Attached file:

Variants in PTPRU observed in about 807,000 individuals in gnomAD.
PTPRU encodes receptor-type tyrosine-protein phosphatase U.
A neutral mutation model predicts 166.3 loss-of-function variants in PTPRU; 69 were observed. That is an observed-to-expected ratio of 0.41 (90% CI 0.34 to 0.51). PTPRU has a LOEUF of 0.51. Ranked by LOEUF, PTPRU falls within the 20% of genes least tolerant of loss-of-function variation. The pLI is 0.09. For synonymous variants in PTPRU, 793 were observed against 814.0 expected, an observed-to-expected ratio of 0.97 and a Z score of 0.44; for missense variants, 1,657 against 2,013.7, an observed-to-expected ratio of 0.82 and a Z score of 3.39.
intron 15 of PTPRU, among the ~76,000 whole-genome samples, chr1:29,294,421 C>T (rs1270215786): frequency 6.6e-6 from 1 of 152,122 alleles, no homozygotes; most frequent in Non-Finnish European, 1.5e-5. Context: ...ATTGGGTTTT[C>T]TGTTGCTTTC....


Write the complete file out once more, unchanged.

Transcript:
Variants in PTPRU observed in about 807,000 individuals in gnomAD.
PTPRU encodes receptor-type tyrosine-protein phosphatase U.
A neutral mutation model predicts 166.3 loss-of-function variants in PTPRU; 69 were observed. That is an observed-to-expected ratio of 0.41 (90% CI 0.34 to 0.51). PTPRU has a LOEUF of 0.51. Ranked by LOEUF, PTPRU falls within the 20% of genes least tolerant of loss-of-function variation. The pLI is 0.09. For synonymous variants in PTPRU, 793 were observed against 814.0 expected, an observed-to-expected ratio of 0.97 and a Z score of 0.44; for missense variants, 1,657 against 2,013.7, an observed-to-expected ratio of 0.82 and a Z score of 3.39.
intron 15 of PTPRU, among the ~76,000 whole-genome samples, chr1:29,294,421 C>T (rs1270215786): frequency 6.6e-6 from 1 of 152,122 alleles, no homozygotes; most frequent in Non-Finnish European, 1.5e-5. Context: ...ATTGGGTTTT[C>T]TGTTGCTTTC....